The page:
On February 21, 2022, Iranian President Ebrahim Raisi arrived in Doha on a state visit to Qatar.
Raisi’s visit to Doha is significant in several respects. Qatar and Iran have long enjoyed cordial relations. Despite the friendly nature of these relations, however, they have been largely superficial and devoid of substance. As part of its foreign policy strategy of hedging, intended to maximize the number of the country’s friends and to minimize the number of its adversaries, Qatar has long sought to keep the potential for tensions with Iran to a minimum. The fact that the two countries share the world’s largest gas field, the South Pars/North Dome, has further encouraged Qatar to maintain open and friendly lines of communication with Iran.
Careful not to violate secondary US sanctions on the Islamic Republic, Doha has at the same time avoided expanding trade or other substantive commercial ties with Tehran.
Tehran appears to have maintained a similar view of its relations with Doha, seeing Qatar as a valuable friend diplomatically but being reluctant to take Doha up on its offer to mediate in its disputes with the United States and Saudi Arabia. In 2015, when Iran and the United States started secret negotiations in the lead-up to what eventually became the Nuclear Accord, they chose to be hosted first by Oman rather than by Qatar. More recently, despite Qatar’s offer of mediation between its neighbors to the north and to the south, Iran and Saudi Arabia have both preferred to meet and discuss their differences in Baghdad.
Despite the reluctance of both sides to substantively deepen their relations, Raisi’s visit to Qatar represents an important development on several fronts. To start with, the visit marks only Raisi’s second state visit after his election, the first such visit having been to Russia, and the first visit by an Iranian president to Doha in eleven years. There are a number of other, more important reasons for the trip’s significance. The trip comes in what appears to be the final phase of the renewed negotiations in Vienna between Iran and the world powers to renew the Nuclear Accord, from which the United States withdrew in 2018. During their meeting, Raisi reportedly briefed Qatar’s Emir, Sheikh Tamim, on the status of the Vienna negotiations. This appears to be part of a deliberate, wider strategy by Raisi and his foreign minister, Hossein Amirabdollahian, to get buy-in from as many GCC states as possible for a new nuclear accord by keeping them in the loop on the status of the Vienna negotiations.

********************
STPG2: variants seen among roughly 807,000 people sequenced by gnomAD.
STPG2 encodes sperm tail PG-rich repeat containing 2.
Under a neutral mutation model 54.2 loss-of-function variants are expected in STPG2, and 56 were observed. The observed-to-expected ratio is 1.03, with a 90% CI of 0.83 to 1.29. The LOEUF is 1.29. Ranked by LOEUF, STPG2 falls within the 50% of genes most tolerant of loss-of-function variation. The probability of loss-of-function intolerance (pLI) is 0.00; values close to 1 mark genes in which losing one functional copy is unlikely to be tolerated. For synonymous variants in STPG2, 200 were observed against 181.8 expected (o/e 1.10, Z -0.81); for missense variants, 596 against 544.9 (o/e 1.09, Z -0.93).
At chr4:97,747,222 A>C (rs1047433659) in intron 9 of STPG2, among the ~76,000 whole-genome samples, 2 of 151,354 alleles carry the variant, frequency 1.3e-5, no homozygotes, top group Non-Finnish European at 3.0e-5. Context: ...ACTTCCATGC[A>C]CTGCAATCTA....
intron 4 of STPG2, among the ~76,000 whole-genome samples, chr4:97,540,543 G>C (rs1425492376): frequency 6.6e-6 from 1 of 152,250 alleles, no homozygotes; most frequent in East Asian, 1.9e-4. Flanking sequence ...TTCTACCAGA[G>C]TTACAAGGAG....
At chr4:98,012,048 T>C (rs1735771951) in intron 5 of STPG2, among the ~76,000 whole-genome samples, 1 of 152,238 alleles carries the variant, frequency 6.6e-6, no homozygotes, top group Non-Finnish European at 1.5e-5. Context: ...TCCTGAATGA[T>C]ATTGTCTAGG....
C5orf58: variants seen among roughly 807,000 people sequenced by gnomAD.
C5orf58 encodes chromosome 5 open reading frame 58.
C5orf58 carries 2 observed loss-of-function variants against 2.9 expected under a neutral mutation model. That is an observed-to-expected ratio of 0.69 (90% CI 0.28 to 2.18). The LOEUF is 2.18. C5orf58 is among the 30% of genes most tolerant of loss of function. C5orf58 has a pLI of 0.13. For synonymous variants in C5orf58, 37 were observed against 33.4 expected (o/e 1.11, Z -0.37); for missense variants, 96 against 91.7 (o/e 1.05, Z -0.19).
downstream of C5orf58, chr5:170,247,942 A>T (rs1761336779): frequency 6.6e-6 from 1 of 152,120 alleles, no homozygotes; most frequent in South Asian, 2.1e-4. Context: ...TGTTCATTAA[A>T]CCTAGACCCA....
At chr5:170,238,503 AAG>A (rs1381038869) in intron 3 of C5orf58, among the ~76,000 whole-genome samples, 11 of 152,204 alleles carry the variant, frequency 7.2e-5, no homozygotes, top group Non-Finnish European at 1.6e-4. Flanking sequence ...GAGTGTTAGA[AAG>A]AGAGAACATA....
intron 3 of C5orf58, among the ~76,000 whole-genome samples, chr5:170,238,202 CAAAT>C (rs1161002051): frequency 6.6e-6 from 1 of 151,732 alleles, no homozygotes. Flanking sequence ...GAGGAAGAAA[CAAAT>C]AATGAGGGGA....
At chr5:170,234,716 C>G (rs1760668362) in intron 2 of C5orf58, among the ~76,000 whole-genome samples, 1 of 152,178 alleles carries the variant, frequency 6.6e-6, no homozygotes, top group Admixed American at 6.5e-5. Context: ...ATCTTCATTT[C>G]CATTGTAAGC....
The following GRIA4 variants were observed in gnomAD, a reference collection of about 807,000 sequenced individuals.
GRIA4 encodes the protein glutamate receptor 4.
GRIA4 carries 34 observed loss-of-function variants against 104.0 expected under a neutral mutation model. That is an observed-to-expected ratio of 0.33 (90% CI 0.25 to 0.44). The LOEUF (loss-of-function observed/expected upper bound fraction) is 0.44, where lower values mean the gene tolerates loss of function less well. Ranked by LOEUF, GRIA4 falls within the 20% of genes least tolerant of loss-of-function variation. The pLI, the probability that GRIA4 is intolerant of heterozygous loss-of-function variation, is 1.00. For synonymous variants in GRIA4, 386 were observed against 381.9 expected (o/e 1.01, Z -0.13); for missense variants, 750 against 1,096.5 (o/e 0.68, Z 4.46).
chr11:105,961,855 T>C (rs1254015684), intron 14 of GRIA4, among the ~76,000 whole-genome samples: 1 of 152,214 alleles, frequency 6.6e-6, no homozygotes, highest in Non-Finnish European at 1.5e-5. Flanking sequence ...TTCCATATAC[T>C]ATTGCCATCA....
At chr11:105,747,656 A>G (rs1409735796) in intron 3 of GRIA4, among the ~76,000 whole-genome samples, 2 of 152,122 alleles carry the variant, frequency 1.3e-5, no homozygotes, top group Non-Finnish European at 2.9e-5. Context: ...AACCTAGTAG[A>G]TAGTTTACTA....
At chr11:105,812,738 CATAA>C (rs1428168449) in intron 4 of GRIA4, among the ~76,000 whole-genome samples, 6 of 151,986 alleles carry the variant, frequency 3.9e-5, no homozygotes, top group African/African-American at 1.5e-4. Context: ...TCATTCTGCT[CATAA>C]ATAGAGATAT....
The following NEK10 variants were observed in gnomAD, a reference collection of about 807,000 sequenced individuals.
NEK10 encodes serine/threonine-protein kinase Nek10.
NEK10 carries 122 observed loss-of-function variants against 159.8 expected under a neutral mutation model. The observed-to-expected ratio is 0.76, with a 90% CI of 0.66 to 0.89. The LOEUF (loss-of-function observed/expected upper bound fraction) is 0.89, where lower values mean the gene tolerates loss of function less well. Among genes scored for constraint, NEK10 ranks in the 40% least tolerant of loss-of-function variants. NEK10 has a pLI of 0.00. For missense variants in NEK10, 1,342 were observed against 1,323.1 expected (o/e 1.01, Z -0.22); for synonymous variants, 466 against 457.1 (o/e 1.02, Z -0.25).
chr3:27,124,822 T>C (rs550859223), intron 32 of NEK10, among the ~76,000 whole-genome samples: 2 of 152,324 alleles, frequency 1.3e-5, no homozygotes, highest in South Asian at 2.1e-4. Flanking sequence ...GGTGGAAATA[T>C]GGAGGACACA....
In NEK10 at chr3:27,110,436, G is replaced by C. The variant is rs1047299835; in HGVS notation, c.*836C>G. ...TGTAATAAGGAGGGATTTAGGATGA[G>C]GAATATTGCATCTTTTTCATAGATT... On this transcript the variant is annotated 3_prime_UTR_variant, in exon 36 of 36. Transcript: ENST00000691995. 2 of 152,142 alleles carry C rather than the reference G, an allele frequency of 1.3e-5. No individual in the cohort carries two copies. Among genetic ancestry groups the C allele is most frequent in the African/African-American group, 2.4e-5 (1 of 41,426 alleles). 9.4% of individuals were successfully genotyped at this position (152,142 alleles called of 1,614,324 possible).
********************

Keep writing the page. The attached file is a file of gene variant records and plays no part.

For Qatar, President Raisi’s visit can help enhance its early-starter advantage for access to Iran’s lucrative markets when and if the ongoing negotiations result in the lifting of US and secondary sanctions on Iran. The two leaders reportedly discussed a number of bilateral trade issues and joint infrastructural projects.
More immediately, Sheikh Tamim’s offer to Raisi to help finalize the Vienna talks can only add to Qatar’s diplomatic prestige and also to its strategic value to Washington and other world capitals. Even if Doha does not become formally involved in the negotiations, it can claim to have been a moderating influence on Iran and helping get the negotiations over the line.
Given the speed and fluidity of regional developments, it is nearly impossible to predict the future course of Iran’s relations with Qatar and with its other Arab neighbours. Nevertheless, if Raisi’s past few months in office are an indication, current trends point to a steady reduction of tensions between Iran and the GCC states, especially Saudi Arabia and the UAE. Within this context, Iran’s pre-existing, cordial relations with Qatar are likely to assume even greater importance, not just diplomatically but also politically and commercially. In this sense, Raisi’s visit to Doha could well represent the start of a new chapter in Iran-GCC relations that feature far less tension and perhaps even a few areas of cooperation.